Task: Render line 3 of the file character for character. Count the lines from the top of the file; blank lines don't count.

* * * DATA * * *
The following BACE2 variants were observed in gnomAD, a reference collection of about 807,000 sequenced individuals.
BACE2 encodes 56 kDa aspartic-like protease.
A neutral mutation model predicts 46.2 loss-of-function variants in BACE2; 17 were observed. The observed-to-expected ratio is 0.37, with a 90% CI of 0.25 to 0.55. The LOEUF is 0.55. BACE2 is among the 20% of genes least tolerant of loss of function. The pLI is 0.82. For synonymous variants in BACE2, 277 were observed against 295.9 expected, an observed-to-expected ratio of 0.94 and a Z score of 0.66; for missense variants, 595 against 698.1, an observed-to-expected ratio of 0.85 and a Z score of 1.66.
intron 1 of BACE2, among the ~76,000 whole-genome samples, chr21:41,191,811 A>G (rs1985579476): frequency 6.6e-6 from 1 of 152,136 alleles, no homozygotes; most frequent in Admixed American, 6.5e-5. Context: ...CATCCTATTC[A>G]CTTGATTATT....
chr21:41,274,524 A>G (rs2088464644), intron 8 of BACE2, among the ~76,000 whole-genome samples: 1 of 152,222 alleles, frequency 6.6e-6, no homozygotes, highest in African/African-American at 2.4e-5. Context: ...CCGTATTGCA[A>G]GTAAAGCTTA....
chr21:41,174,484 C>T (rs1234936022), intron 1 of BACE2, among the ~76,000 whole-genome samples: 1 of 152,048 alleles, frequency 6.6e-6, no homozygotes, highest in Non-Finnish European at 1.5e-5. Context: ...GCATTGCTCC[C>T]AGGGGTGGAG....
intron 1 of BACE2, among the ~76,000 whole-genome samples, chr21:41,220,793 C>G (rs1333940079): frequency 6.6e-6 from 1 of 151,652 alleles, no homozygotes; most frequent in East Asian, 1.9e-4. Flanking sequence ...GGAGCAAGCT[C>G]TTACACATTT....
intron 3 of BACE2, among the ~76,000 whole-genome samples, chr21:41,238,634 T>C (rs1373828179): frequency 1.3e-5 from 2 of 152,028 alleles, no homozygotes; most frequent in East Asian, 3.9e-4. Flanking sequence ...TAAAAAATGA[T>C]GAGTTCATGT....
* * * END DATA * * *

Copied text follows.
A neutral mutation model predicts 46.2 loss-of-function variants in BACE2; 17 were observed. The observed-to-expected ratio is 0.37, with a 90% CI of 0.25 to 0.55. The LOEUF is 0.55. BACE2 is among the 20% of genes least tolerant of loss of function. The pLI is 0.82. For synonymous variants in BACE2, 277 were observed against 295.9 expected, an observed-to-expected ratio of 0.94 and a Z score of 0.66; for missense variants, 595 against 698.1, an observed-to-expected ratio of 0.85 and a Z score of 1.66.